Hi, I have been experiencing the same issues with both Photoshop and Lightroom Classic since the dreadful March February/April updates (Ides of March? pun intended.). I was close to cancel my subscription, having tried all the suggested fixes made by Adobe Support and the Community.
But I finally got both concoctions working back again.
Here is what I found:
My main machine is a Dell Inspiron 7000, it has an I7 CPU with four cores and eight threads, 16 Gb of RAM and Intel's 620 UHD integrated graphics. It also has two NVME SSDs. I use Windows 10 Pro. So, it is not a hot rod but also not a lame netbook.
I have been using Photoshop since version 3.01 was released in the nineties.
Adobe's software has featured bugs but (imho) never in this massive scale.
After exhausting online resources, I contacted Adobe Support. The guy that took my case did the usual stuff:
Disable GPU acceleration support
Downgrade Lightroom and Photoshop to the last stable version
Verify that Adobe's related files and folders permissions were correctly assigned.
Create new catalogs and re imported photos.
Uninstalled and reinstalled the apps
And finally quit.
So, I had to solve it by my own means.
I started by checking Windows logs through the Event Viewer and the Systems Maintenance and Repair tools, they are available in Windows' Control Panel. The crashes were reported as Lightroom.exe has stopped interacting with the system, app crash and the number 1002 were also included in the logs.
I run the apps with Task Manager running to get more clues.
I found that when the apps stopped working, the dynamicmedialink server had also crashed.
The dinamicmedialink server app apparently is used by Adobe's apps to interact with each other.
I searched for its location and found that the directory structure of Adobe's apps was a real mess. I had tons of remaining files from previous versions, some plugins were in older CC folders and other in newer ones, etc.
I had heard about Adobe's command line total app removal tool, so I searched for it, downloaded, and then proceeded to uninstall everything Adobe related.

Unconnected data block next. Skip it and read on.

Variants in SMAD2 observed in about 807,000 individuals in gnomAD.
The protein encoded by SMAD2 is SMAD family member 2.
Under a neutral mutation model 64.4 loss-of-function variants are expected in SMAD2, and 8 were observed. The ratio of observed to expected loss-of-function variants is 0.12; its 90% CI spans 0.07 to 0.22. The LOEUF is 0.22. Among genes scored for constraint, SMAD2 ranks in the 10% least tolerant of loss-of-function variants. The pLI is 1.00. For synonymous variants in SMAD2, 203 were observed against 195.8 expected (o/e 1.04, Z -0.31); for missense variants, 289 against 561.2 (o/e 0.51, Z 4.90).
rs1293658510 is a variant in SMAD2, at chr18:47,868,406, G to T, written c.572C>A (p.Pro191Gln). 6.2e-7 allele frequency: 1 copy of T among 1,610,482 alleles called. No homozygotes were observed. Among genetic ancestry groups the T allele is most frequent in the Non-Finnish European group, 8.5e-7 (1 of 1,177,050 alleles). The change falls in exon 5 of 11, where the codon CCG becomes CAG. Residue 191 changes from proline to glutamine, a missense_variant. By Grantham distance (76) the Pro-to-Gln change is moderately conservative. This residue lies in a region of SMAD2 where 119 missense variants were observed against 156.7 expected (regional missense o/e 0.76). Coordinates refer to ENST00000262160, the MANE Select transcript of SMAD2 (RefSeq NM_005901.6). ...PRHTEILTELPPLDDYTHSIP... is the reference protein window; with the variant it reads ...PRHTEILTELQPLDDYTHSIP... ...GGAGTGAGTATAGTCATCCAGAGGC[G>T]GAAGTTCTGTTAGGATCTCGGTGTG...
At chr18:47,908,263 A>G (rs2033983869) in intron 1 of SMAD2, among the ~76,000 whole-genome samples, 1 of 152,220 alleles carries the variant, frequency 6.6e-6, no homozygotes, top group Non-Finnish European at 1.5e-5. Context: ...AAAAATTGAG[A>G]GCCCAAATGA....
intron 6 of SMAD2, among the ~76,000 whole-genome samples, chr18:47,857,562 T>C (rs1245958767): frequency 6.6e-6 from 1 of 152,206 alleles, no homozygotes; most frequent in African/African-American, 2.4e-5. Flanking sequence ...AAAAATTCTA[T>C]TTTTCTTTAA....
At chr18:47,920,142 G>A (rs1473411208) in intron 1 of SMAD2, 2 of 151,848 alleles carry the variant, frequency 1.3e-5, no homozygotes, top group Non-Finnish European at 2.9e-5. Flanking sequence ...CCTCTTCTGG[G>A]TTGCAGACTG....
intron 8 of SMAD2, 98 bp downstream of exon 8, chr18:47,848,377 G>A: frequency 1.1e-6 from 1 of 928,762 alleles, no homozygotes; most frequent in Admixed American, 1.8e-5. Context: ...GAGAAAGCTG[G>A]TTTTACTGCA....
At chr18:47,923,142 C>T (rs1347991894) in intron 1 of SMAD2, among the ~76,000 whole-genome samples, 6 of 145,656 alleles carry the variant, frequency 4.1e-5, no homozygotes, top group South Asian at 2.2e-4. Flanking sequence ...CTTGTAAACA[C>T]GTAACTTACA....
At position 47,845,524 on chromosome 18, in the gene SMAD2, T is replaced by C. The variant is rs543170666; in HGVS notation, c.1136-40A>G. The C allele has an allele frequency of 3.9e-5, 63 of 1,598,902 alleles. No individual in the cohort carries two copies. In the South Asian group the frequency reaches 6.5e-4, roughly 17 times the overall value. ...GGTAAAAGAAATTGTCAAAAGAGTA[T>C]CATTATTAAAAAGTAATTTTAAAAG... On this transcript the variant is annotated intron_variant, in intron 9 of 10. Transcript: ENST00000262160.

After that, I run the tool again since it seemed to miss some folders.
And finally, I deleted manually every Adobe related folder.
Then I disconnected my second monitor from the HDMI port in my Dell. I also disconnected the USB 3.0 hub which also had a HDMI port that I had tried to get a three-display system a few days before.
Then I uninstalled Intel's GPU drivers (asking Windows to delete them in the process.). I rebooted the Dell, and then reinstalled the latest Intel GPU drivers from Intel's website.
Then I rebooted the laptop into Windows Safe Mode and ran Photoshop and Lightroom. They run perfectly, although at a glacial speed. But I took care to disable GPU acceleration in Safe Mode.
I rebooted into Standard Mode, checked run the apps and found that both had re-enabled GPU support. I disabled it again. After that, both Photoshop and Lightroom started to work fine again.
I did all this brouhaha on past weekend, and I have been evaluating the apps doing things like multi-image merging, HRD merging, image enhancing, doing mask adjustments, batch exporting tasks and applying filters, selecting subjects creating dozens of layers, etc. Without a glitch.
I really don't know what the origin of the March update bug was, but again, imho, it must be related to the dynamicmedialink server and the way folders are handled in updates.
So, my final solution was:
Use the Adobe cleaning tool to zap any file and folder that could be Adobe related.
Perform a clean install of the latest graphics drivers.
Run Adobe apps in Safe mode and with a single display for test purposes.
Reboot and disable GPU acceleration in both Apps.
Reconnect the second monitor if neccesary.
Take a cup of coffee with croissants.
This worked for me. You can try these steps and check if they work for you.
So far, I am photoshoping and lighrooming like a junkie. I suppose it is due to Adobe's withdrawal syndrome.